In Problems With Measuring Inequality, I discussed how inequality is an ambiguous concept. The problem, in short, is that a single metric can never capture every aspect of a distribution of income.
Much like we cannot tell the shape of an object from its perimeter or area, we cannot tell the shape of the distribution of income from a single metric of inequality.
From this fact arise some seeming paradoxes. For instance, different measures of inequality can ‘disagree’ with one another. Country A might have a Gini index that is greater than Country B, but a top 1% share that is less than Country B.
In this post, I’m going to discuss another aspect of this ambiguity problem. I’ll show how inequality can increase and decrease at the same time. This may seem like a paradox, but it’s not. When two metrics of inequality disagree with one another, this actually indicates that the shape of the income distribution is changing over time. In other words, the ‘location’ of inequality is shifting.
We’ll first look at the theory behind how inequality can move in two directions at once. Then we’ll look at evidence showing that this happens in the real world.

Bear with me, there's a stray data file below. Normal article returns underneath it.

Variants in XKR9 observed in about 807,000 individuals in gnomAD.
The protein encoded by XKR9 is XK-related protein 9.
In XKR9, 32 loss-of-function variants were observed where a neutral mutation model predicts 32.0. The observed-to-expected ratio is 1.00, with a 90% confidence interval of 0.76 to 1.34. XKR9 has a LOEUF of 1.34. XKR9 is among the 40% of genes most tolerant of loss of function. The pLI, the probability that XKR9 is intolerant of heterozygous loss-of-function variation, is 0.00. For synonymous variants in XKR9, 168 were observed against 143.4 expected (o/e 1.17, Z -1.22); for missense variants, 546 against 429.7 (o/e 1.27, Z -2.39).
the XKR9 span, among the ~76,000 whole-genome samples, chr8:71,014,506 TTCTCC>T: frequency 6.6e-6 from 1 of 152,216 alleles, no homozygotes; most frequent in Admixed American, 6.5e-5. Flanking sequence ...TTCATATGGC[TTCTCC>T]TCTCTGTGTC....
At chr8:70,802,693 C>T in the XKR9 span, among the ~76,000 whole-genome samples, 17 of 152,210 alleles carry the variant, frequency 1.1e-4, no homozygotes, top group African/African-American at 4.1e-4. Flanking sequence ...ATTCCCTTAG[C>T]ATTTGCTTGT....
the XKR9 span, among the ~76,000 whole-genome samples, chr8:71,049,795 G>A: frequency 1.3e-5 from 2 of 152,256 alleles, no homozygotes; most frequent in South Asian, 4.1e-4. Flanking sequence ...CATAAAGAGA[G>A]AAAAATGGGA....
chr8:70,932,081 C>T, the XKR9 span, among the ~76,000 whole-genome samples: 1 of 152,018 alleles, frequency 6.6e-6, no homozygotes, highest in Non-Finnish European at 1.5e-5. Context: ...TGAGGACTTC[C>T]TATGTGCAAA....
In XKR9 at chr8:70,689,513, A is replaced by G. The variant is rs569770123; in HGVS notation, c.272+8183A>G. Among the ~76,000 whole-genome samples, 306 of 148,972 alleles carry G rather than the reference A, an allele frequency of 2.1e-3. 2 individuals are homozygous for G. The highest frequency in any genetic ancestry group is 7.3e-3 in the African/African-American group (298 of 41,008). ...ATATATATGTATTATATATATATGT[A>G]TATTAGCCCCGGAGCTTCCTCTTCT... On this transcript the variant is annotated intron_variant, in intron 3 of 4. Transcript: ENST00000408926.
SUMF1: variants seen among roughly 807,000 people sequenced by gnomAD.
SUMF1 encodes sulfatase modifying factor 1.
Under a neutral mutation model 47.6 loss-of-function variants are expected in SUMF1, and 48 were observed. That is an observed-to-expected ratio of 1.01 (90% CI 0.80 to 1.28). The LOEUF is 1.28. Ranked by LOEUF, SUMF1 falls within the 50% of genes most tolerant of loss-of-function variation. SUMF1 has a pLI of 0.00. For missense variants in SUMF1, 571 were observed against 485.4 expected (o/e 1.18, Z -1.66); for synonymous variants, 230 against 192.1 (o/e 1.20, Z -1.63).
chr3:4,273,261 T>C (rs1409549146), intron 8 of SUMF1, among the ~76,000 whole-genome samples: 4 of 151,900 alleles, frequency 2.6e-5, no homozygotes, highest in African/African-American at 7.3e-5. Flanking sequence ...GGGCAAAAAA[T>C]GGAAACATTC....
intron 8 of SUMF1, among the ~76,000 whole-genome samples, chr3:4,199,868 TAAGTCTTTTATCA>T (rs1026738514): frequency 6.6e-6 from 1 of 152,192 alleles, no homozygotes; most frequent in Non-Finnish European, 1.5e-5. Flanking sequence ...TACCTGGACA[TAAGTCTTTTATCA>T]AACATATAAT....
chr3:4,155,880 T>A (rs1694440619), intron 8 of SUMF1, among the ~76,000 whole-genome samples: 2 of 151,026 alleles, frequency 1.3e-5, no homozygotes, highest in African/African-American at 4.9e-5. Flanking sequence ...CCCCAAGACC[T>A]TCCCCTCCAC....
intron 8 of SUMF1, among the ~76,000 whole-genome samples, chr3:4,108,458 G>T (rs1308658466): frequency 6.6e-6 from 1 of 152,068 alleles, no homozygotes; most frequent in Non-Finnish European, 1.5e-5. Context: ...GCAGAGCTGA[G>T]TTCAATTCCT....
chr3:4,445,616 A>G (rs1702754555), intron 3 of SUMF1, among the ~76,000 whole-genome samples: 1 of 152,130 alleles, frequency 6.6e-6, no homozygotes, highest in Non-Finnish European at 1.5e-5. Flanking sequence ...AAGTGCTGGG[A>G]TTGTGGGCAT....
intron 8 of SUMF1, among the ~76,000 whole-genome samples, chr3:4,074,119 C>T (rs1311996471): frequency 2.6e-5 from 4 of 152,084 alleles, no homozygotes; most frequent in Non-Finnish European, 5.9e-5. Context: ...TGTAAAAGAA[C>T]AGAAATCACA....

The ‘location’ of inequality
In Problems With Measuring Inequality, I discussed two different types of inequality:
- Inequality at the bottom of the distribution
- Inequality at the top of the distribution
In theoretical terms, ‘inequality at the bottom’ means a fat left tail in the distribution of income. ‘Inequality at the top’ means a fat right tail.
In real-world terms, these two extremes correspond to different social values. A society with inequality at the bottom does not care about poverty and hence has no safety net. But this society puts strict limits on top incomes. It’s a society with plenty of paupers but no billionaires.
In contrast, a society with inequality at the top abhors poverty, and so has a strong safety net — effectively a universal basic income. But this society doesn’t limit the excesses of the rich. It’s a society with no paupers, but plenty of billionaires.